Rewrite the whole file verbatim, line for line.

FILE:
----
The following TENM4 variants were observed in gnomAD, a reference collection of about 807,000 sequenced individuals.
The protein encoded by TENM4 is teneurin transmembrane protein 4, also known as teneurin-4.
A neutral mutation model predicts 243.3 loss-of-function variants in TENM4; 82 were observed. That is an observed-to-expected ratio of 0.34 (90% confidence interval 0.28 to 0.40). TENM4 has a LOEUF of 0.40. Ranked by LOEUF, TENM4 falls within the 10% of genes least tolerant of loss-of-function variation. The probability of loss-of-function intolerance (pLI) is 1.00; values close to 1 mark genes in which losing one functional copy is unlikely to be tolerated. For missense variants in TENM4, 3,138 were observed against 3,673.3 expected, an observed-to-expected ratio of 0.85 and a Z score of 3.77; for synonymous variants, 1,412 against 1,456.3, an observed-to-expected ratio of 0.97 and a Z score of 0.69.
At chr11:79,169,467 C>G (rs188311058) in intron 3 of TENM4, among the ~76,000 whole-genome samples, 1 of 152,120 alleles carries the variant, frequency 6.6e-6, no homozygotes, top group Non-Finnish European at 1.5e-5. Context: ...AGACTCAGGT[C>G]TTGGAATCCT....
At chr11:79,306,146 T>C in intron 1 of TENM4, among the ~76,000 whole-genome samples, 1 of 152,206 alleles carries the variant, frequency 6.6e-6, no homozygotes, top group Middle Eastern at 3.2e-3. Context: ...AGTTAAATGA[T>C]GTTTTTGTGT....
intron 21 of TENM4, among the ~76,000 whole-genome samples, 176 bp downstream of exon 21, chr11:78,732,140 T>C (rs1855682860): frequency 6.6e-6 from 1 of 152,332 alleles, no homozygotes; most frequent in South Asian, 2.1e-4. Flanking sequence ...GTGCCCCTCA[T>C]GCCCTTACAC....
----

The following TENM4 variants were observed in gnomAD, a reference collection of about 807,000 sequenced individuals.
The protein encoded by TENM4 is teneurin transmembrane protein 4, also known as teneurin-4.
A neutral mutation model predicts 243.3 loss-of-function variants in TENM4; 82 were observed. That is an observed-to-expected ratio of 0.34 (90% confidence interval 0.28 to 0.40). TENM4 has a LOEUF of 0.40. Ranked by LOEUF, TENM4 falls within the 10% of genes least tolerant of loss-of-function variation. The probability of loss-of-function intolerance (pLI) is 1.00; values close to 1 mark genes in which losing one functional copy is unlikely to be tolerated. For missense variants in TENM4, 3,138 were observed against 3,673.3 expected, an observed-to-expected ratio of 0.85 and a Z score of 3.77; for synonymous variants, 1,412 against 1,456.3, an observed-to-expected ratio of 0.97 and a Z score of 0.69.
At chr11:79,169,467 C>G (rs188311058) in intron 3 of TENM4, among the ~76,000 whole-genome samples, 1 of 152,120 alleles carries the variant, frequency 6.6e-6, no homozygotes, top group Non-Finnish European at 1.5e-5. Context: ...AGACTCAGGT[C>G]TTGGAATCCT....
At chr11:79,306,146 T>C in intron 1 of TENM4, among the ~76,000 whole-genome samples, 1 of 152,206 alleles carries the variant, frequency 6.6e-6, no homozygotes, top group Middle Eastern at 3.2e-3. Context: ...AGTTAAATGA[T>C]GTTTTTGTGT....
intron 21 of TENM4, among the ~76,000 whole-genome samples, 176 bp downstream of exon 21, chr11:78,732,140 T>C (rs1855682860): frequency 6.6e-6 from 1 of 152,332 alleles, no homozygotes; most frequent in South Asian, 2.1e-4. Flanking sequence ...GTGCCCCTCA[T>C]GCCCTTACAC....